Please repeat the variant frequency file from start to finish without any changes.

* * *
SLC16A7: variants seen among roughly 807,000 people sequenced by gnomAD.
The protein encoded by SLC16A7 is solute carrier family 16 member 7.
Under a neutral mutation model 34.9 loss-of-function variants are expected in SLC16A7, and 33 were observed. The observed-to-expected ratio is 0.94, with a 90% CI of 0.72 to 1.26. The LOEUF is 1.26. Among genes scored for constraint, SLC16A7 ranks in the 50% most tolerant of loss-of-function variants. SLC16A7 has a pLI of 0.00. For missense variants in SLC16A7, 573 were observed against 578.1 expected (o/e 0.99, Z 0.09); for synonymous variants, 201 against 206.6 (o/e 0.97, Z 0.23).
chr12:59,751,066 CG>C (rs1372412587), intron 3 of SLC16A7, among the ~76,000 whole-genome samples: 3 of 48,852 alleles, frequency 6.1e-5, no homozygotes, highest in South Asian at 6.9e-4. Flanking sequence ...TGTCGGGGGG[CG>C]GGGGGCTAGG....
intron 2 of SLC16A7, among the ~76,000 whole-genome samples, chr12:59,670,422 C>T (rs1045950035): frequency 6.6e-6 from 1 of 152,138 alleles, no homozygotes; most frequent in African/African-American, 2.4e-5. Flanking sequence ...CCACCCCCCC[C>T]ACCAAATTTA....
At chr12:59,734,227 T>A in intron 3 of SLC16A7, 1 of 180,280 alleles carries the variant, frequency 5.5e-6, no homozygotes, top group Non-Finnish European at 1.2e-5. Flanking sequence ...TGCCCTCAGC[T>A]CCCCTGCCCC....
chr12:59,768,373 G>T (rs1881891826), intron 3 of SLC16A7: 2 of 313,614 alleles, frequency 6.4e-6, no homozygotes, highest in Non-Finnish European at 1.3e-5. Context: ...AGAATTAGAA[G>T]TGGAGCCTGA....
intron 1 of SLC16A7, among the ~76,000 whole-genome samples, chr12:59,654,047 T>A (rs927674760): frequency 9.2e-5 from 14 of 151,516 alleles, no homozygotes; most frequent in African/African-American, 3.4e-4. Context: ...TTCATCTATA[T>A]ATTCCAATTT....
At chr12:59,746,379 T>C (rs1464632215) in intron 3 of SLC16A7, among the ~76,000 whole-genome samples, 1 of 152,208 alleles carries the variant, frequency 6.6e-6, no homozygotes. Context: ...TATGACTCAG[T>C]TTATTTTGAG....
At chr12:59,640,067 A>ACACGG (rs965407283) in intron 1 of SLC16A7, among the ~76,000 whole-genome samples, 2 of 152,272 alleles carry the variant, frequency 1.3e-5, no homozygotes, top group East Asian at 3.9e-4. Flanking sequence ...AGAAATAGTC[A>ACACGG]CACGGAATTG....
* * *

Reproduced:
SLC16A7: variants seen among roughly 807,000 people sequenced by gnomAD.
The protein encoded by SLC16A7 is solute carrier family 16 member 7.
Under a neutral mutation model 34.9 loss-of-function variants are expected in SLC16A7, and 33 were observed. The observed-to-expected ratio is 0.94, with a 90% CI of 0.72 to 1.26. The LOEUF is 1.26. Among genes scored for constraint, SLC16A7 ranks in the 50% most tolerant of loss-of-function variants. SLC16A7 has a pLI of 0.00. For missense variants in SLC16A7, 573 were observed against 578.1 expected (o/e 0.99, Z 0.09); for synonymous variants, 201 against 206.6 (o/e 0.97, Z 0.23).
chr12:59,751,066 CG>C (rs1372412587), intron 3 of SLC16A7, among the ~76,000 whole-genome samples: 3 of 48,852 alleles, frequency 6.1e-5, no homozygotes, highest in South Asian at 6.9e-4. Flanking sequence ...TGTCGGGGGG[CG>C]GGGGGCTAGG....
intron 2 of SLC16A7, among the ~76,000 whole-genome samples, chr12:59,670,422 C>T (rs1045950035): frequency 6.6e-6 from 1 of 152,138 alleles, no homozygotes; most frequent in African/African-American, 2.4e-5. Flanking sequence ...CCACCCCCCC[C>T]ACCAAATTTA....
At chr12:59,734,227 T>A in intron 3 of SLC16A7, 1 of 180,280 alleles carries the variant, frequency 5.5e-6, no homozygotes, top group Non-Finnish European at 1.2e-5. Flanking sequence ...TGCCCTCAGC[T>A]CCCCTGCCCC....
chr12:59,768,373 G>T (rs1881891826), intron 3 of SLC16A7: 2 of 313,614 alleles, frequency 6.4e-6, no homozygotes, highest in Non-Finnish European at 1.3e-5. Context: ...AGAATTAGAA[G>T]TGGAGCCTGA....
intron 1 of SLC16A7, among the ~76,000 whole-genome samples, chr12:59,654,047 T>A (rs927674760): frequency 9.2e-5 from 14 of 151,516 alleles, no homozygotes; most frequent in African/African-American, 3.4e-4. Context: ...TTCATCTATA[T>A]ATTCCAATTT....
At chr12:59,746,379 T>C (rs1464632215) in intron 3 of SLC16A7, among the ~76,000 whole-genome samples, 1 of 152,208 alleles carries the variant, frequency 6.6e-6, no homozygotes. Context: ...TATGACTCAG[T>C]TTATTTTGAG....
At chr12:59,640,067 A>ACACGG (rs965407283) in intron 1 of SLC16A7, among the ~76,000 whole-genome samples, 2 of 152,272 alleles carry the variant, frequency 1.3e-5, no homozygotes, top group East Asian at 3.9e-4. Flanking sequence ...AGAAATAGTC[A>ACACGG]CACGGAATTG....